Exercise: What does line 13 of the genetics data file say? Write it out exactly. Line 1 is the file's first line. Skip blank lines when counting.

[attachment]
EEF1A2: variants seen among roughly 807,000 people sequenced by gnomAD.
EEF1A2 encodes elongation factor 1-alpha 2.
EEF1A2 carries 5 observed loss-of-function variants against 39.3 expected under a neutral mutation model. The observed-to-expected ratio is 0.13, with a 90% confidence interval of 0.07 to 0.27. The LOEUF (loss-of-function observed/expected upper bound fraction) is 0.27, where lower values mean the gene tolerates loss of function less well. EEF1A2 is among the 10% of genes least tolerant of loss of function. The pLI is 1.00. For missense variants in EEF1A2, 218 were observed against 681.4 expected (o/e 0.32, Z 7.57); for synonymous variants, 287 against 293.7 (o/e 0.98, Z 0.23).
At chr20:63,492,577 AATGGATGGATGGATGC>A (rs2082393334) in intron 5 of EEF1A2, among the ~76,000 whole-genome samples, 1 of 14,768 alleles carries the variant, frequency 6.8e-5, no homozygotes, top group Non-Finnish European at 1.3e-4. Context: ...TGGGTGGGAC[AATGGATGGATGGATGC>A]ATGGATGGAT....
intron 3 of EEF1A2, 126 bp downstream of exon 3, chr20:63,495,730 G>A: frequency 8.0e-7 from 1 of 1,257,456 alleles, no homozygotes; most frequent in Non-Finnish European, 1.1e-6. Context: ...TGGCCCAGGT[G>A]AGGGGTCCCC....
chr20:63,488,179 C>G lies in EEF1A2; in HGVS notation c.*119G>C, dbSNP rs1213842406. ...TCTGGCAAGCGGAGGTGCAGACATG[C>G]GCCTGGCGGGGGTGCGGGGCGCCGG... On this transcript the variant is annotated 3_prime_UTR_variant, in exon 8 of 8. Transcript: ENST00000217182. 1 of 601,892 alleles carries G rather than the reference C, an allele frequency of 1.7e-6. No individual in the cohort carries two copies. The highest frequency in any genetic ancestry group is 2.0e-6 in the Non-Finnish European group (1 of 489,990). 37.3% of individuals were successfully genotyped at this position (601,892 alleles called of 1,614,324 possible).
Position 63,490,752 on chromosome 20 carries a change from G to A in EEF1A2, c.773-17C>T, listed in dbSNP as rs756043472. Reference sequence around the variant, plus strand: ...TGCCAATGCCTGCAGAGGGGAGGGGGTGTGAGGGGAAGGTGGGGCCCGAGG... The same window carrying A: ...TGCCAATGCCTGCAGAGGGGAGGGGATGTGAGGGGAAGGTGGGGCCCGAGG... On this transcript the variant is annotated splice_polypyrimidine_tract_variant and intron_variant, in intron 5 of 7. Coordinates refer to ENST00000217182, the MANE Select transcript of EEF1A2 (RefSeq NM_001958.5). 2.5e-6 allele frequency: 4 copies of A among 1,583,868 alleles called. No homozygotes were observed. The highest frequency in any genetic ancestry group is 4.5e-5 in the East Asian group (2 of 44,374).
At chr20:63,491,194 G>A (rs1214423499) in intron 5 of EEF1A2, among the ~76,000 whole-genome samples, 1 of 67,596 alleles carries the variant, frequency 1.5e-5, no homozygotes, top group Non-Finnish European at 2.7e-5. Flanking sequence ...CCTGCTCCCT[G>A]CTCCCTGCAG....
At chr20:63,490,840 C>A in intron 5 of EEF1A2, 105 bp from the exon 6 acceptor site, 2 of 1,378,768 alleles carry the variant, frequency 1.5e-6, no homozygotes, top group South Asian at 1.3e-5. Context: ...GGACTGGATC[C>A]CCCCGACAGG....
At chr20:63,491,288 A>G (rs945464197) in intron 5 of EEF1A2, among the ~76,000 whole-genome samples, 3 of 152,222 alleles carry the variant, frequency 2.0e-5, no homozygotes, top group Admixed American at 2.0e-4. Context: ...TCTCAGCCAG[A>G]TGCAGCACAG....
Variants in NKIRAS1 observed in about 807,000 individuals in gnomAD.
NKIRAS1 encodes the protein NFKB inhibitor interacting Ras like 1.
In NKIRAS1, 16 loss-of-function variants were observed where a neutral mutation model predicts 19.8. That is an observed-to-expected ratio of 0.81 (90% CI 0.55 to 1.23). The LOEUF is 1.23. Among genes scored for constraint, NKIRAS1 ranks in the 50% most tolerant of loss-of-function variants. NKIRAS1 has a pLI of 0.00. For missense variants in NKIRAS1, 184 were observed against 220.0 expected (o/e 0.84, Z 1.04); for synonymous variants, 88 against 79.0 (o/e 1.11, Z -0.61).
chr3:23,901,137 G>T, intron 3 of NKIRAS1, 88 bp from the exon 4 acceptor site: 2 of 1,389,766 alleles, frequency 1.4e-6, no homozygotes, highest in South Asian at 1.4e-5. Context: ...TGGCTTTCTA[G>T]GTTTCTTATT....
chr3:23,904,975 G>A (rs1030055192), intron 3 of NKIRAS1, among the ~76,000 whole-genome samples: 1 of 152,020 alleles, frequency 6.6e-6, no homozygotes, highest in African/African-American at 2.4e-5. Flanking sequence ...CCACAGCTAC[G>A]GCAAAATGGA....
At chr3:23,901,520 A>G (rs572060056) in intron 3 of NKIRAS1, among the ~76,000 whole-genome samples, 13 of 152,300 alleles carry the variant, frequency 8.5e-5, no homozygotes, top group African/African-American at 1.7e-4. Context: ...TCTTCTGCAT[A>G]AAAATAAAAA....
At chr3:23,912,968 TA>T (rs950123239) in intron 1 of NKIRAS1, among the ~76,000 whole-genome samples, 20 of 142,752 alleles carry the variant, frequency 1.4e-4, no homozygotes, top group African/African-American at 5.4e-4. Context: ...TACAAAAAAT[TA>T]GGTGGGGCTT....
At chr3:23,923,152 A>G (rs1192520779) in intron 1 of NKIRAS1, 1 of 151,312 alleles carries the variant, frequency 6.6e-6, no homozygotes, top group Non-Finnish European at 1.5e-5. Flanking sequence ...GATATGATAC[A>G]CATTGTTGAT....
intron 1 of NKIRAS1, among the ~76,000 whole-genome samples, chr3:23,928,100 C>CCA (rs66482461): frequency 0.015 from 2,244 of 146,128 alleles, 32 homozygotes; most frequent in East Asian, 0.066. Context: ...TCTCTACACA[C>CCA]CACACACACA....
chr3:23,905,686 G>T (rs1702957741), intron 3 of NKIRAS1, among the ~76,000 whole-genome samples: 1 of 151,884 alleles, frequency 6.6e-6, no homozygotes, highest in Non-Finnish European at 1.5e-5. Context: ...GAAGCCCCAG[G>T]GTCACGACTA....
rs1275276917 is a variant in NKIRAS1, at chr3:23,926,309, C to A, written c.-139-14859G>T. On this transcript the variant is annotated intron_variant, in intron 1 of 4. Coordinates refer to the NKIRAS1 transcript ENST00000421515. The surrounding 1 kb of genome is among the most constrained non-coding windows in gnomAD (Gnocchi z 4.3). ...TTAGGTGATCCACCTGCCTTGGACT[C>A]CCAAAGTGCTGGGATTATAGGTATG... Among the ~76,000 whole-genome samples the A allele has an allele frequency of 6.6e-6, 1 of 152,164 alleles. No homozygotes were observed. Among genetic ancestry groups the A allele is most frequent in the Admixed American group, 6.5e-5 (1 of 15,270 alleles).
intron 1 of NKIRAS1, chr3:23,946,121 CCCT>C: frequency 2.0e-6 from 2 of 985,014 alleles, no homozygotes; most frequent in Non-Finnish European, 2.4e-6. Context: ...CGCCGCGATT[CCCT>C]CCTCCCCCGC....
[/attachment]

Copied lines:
In NKIRAS1, 16 loss-of-function variants were observed where a neutral mutation model predicts 19.8. That is an observed-to-expected ratio of 0.81 (90% CI 0.55 to 1.23). The LOEUF is 1.23. Among genes scored for constraint, NKIRAS1 ranks in the 50% most tolerant of loss-of-function variants. NKIRAS1 has a pLI of 0.00. For missense variants in NKIRAS1, 184 were observed against 220.0 expected (o/e 0.84, Z 1.04); for synonymous variants, 88 against 79.0 (o/e 1.11, Z -0.61).